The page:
The world’s biggest retailer announced Tuesday that it’s tapped an insider to head Walmart International, its second biggest operating segment.
David Cheesewright, who has been president and CEO of Walmart’s Europe, Middle East and Africa (EMEA) and Canada region since 2011, will assume the role Feb. 1.
Cheesewright will be taking over the intentional reigns from Doug McMillon, who was named late last month to succeed Mike Duke as Wal-Mart Stores‘ president and CEO, effective Feb. 1.
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If Wal-Mart history repeats itself, Cheesewright could be a top contender in the succession plan to succeed McMillon. Both McMillon and Duke were in charge of the company’s international segment before being picked to head the Bentonville, Ark.,-based retailer.
Joe Feldman, a senior retail analyst at Telsey Advisory Group, said the move puts Cheesewright in the running to eventually replace McMillon, along with Wal-Mart U.S. CEO Bill Simon, whom Feldman said was “near the top of the list.”
“The last couple [of] CEOs have come from being heads of the main divisions,” Feldman added. “I guess that puts (Cheesewright) in contention, assuming he does well.”
Still, Feldman emphasized that he doesn’t expect McMillon to depart anytime soon.
“They actually have a good team in place of young middle-aged leaders that can stick around and do something great over the next 10 to 15 years,” he said.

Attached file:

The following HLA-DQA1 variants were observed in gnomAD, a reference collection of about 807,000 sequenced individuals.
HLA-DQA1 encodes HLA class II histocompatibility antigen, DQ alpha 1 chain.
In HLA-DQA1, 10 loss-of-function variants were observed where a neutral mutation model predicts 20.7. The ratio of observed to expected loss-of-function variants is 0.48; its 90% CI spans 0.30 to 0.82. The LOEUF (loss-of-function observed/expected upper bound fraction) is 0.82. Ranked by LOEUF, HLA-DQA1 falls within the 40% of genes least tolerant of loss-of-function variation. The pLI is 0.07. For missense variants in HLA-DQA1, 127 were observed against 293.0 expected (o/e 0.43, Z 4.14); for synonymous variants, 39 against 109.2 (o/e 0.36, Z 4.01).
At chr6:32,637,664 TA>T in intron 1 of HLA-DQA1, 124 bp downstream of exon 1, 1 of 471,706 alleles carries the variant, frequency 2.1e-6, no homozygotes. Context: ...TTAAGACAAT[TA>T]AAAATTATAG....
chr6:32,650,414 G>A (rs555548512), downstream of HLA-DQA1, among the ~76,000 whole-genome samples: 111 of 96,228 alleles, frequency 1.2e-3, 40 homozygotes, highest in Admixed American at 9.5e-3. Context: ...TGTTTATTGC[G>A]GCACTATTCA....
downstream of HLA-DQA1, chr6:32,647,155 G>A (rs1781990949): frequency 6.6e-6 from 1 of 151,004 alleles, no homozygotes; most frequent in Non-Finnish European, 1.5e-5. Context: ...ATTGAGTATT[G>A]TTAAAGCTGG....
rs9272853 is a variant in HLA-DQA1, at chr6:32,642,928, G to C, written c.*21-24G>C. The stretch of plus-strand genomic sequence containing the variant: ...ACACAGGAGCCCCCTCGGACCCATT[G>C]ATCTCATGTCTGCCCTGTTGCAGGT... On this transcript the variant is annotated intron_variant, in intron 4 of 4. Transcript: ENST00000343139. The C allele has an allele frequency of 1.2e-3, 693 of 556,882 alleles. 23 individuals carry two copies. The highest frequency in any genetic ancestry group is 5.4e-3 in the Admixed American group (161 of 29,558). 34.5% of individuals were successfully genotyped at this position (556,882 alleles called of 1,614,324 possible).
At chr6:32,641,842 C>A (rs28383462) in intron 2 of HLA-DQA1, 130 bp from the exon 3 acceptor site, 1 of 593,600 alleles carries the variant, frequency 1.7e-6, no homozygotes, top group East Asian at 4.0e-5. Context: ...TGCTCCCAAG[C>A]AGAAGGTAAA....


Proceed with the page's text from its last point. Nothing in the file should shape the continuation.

In the announcement, Cheesewright gave a glimpse of what investors can expect.
“Through strong capital discipline, we will continue to invest in new stores and e-commerce growth, as well as productivity improvements that drive profitable growth and returns,” Cheesewright said.
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After joining the company in 1999 and working at its U.K. operation Asda, Cheesewright has risen through the ranks, serving as the chief operating officer for both Walmart Canada and Asda. Before that, he was in a leadership role with Mars Confectionery.
Wal-Mart’s international division represents a crucial segment for the retailer. It has more than 6,200 retail units and generates nearly 30 percent of its revenue. During the third quarter, Walmart International’s net sales grew 4.1 percent on a constant currency basis. This outstripped the U.S. division’s net sales growth, which rose 2.4 percent during the period.
—By CNBC’s Katie Little. Follow her on Twitter@KatieLittle.